Flint residents Marcus Shelton, from left, Roland Young, and Darius Martin walk on an ice-covered street as they retrieve free water. AP

Black Caucus Asks Trump When Flint Will Get His Help

Three years after the Flint Water Crisis began, the Congressional Black Caucus wants to know if the president's infrastructure promises will be kept

by #teamEBONY, April 27, 2017

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Flint residents Marcus Shelton, from left, Roland Young, and Darius Martin walk on an ice-covered street as they retrieve free water. AP

Flint residents Marcus Shelton, from left, Roland Young, and Darius Martin walk on an ice-covered street as they retrieve free water

Associated Press

During his campaign, President Trump made promises to fix the nation’s infrastructure, saying he could get as much as $1 trillion to do so. Now, the Congressional Black Caucus (CBC) is asking what he will do going forward regarding one of the biggest examples of infrastructure failure in the country: the Flint Water Crisis.

In a letter sent to Trump on Tuesday, Reps. John Conyers and Brenda Lawrence, who represent Detroit and Southfield, Mich., and Rep. Cedric Richmond, who represents New Orleans and is chairman of the CBC, said they are seeking a briefing for “an update on your long-term plans to assist the residents of Flint and ensure this tragedy is not repeated in other cities around the country,” MLive.com reported.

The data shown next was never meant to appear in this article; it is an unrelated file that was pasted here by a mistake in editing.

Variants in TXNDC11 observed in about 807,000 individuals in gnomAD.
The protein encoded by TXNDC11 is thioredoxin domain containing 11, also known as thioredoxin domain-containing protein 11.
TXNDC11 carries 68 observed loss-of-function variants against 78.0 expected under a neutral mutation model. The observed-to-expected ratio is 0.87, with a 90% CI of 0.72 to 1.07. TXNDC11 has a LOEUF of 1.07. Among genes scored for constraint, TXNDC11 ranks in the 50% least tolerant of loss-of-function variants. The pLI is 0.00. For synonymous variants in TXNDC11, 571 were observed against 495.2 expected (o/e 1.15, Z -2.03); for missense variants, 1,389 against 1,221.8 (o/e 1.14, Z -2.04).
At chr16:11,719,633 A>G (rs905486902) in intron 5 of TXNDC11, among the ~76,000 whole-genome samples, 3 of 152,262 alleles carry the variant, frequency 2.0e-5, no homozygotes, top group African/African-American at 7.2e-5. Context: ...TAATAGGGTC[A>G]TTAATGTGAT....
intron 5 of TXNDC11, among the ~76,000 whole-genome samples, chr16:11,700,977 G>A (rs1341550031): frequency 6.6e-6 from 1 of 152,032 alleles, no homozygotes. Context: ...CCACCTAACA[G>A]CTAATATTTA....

The Environmental Protection Agency gave a $100 million grant to the Michigan Department of Environmental Quality to fund drinking water infrastructure upgrades in March. But the caucus said more must be done to ensure that Flint has the long-term capacity necessary to recover from this crisis,” according to the letter.

The letter was sent on the third anniversary of the beginning of the crisis when the Flint River became the drinking water source for the industrial city about an hour north of Detroit. Residents had been using bottled and filtered water at least since January 2016 because of toxic material the system caused by old corrosive pipes. The city is now getting its water from the Great Lakes Water authority, which transmits from Detroit. But the legal, health and political problems stemming from it remain.

The CBC says it is concerned about budget cuts that Trump is proposing that would affect several agencies that are crucial to situations like theirs including the Environmental Protection Agency, the Department of Health and Human Services and the Department of Education.





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